Now I should think about the sort of damage one little girl can do with access to a library full of deadly arcane knowledge.

Not that I don’t already know.

"Yes, I could use my shadows to follow Kerry everywhere--technically the shadows are the ones stalking him . . ."

“Draught of Truthful Submission?  That’s much better than a love potion–“

Break Down in Russel Square

Hacking and Slashing (now there’s a term I haven’t used in a while) was hot and heavy last night.  I finally had my kids off their feet, out of the Tube, and into the restaurant, and the cutting and adding of words was underway.  By the time I finished for the evening, I had no idea what I’d written.  That’s because with all the deleting that was underway my total words written check was way off.  There are ways to figure this out, however–like copying the area you were working in and pasting it to another text form.  That way you discover you wrote and edited nine hundred and six words.  Easy as Pi, right?

With all my old scenes deleted–goodbye, you first draft messes–my corkboard looks like this now:

All my scenes lined up, sorta neat because they never go anywhere.

All my scenes lined up, sorta neat because they never go anywhere.


While my outline shows me where my word counts are:

The numbers keep going up.

The numbers keep going up.

The word count for my current scene is just under three thousand, but that’ll change.  Then I have to rewrite the trip through the Chunnel, which takes on an air of confusion for Kerry due to things happening in this current scene, and then I can move on and rewrite a few other things–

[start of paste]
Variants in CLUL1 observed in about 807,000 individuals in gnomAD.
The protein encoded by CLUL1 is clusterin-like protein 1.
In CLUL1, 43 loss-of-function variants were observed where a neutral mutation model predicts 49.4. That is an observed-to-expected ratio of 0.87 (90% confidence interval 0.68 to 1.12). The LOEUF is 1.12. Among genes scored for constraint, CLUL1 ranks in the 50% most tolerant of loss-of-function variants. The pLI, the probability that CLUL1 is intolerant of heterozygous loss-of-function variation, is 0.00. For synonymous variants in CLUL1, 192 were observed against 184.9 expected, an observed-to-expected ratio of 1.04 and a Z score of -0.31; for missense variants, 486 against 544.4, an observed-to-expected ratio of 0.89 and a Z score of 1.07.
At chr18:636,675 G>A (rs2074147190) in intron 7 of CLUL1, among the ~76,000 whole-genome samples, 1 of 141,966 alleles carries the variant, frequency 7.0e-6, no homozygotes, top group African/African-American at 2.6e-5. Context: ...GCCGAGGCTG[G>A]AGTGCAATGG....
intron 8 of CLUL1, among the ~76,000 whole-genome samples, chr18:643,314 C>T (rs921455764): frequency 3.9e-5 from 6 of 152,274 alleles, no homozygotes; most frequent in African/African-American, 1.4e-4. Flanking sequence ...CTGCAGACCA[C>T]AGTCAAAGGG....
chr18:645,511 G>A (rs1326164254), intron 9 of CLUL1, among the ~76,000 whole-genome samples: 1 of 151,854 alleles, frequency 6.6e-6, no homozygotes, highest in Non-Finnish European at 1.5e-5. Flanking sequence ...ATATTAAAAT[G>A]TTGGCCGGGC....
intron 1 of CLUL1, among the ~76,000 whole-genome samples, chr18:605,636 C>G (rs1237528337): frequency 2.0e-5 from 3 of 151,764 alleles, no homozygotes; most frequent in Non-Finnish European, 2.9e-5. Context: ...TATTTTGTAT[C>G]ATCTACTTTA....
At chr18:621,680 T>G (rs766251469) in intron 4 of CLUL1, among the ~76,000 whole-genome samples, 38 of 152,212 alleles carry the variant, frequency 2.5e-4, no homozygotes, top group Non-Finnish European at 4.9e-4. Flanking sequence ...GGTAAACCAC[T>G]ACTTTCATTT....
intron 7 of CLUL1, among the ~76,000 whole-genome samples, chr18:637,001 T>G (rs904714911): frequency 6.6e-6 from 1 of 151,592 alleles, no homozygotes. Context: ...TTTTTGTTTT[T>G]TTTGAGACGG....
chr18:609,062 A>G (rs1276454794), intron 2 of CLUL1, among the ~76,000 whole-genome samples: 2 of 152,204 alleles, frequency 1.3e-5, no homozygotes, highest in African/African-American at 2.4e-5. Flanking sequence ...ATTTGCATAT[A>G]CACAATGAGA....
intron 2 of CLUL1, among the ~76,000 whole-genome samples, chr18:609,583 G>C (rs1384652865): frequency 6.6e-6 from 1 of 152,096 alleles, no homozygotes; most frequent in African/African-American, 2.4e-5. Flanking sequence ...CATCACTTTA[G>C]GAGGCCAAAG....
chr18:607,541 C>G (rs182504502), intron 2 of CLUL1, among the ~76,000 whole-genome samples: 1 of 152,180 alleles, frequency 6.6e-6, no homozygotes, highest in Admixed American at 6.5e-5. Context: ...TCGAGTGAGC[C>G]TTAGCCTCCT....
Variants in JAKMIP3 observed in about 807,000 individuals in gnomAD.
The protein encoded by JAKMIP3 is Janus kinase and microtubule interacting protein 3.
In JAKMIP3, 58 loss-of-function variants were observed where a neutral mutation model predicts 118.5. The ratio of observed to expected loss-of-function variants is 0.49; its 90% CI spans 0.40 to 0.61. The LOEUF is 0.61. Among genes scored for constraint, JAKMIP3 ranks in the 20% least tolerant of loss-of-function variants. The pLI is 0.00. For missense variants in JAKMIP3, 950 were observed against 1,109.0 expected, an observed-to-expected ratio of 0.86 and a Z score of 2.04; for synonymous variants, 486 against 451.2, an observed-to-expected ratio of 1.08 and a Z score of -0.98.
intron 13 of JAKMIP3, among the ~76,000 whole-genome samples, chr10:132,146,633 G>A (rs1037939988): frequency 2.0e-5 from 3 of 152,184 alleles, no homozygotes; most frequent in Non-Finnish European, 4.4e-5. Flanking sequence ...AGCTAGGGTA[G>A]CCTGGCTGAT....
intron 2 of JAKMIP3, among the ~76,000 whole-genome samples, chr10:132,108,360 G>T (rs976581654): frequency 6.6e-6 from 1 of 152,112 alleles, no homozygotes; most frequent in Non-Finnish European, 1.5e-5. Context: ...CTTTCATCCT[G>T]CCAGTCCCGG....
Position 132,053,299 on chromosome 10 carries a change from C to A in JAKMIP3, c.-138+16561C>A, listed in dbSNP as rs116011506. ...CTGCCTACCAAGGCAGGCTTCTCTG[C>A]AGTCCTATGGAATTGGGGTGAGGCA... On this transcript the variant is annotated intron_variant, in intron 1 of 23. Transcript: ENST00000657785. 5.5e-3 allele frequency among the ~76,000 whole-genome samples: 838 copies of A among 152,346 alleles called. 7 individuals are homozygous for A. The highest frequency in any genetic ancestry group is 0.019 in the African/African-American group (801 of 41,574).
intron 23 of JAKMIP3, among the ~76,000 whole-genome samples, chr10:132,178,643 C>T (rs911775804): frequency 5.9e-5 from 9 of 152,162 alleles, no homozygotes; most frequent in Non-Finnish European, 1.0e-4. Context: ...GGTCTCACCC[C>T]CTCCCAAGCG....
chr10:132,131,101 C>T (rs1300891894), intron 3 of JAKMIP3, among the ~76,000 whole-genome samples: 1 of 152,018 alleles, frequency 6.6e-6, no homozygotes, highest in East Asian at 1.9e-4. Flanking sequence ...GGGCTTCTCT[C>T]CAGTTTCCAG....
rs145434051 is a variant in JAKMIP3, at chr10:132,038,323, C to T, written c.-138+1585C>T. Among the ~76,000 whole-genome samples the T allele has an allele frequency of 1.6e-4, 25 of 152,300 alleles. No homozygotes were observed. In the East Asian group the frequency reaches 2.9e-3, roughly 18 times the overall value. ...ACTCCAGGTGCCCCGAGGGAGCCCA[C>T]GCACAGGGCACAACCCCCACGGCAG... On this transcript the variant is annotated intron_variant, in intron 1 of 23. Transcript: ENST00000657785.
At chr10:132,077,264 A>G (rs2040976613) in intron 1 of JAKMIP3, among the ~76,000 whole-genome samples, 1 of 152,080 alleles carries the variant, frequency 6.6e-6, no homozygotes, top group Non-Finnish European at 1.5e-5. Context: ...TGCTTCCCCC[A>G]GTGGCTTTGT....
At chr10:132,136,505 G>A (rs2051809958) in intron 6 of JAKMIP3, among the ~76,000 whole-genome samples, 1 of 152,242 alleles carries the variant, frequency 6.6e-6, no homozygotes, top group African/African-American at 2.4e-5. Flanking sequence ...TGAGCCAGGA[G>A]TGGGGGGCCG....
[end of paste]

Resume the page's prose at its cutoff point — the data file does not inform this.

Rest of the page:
Then I can get back to Act Two.  Maybe.

So what did my kids do last night?  A little of this:


(Excerpt from The Foundation Chronicles, Book One: A For Advanced, copyright 2013, 2014, by Cassidy Frazee)

A light rain was falling upon Russel Square when Annie and Kerry stepped from the Underground station and made their away across the street to the Pret a Manger cafe. The place was busy but not overwhelmed with people, so they found a table and ordered food. Since the lunch rush was coming to an end their orders were ready in under ten minutes. Kerry’s was first: a club sandwich with avocado and a mango smoothie. Annie’s came moments later: a chicken salad and a Lemon Aid. She returned to their table to find Kerry’s computer unpacked and powered up.

“What are you doing?” She sat across from him, twisting her neck to see if she could follow what he was doing with his phone.

He didn’t look up. “Bluetoothing the pictures over to the hard drive; I wanna make sure I get all the pictures we took.” He tapped tapped something on his phone. “This way I have plenty of room for more, and everything’s saved.” He lay the phone next to the computer. “That should finish in a few minutes.”

It was difficult for Annie to keep from chuckling: he always seemed so serious when it came to his technological toys. She wanted to talk about something else . . . “You said you’d been to London once before?”


Yeah, bluetooth those pictures, Kerry, and free up some space on your phone.  You never know how many more you’re gotta get with that little octopus hangin’ on to you.  This is where I wish I could draw, because there were some great photos they good that I could include.

As if I didn’t have enough to work with at the moment.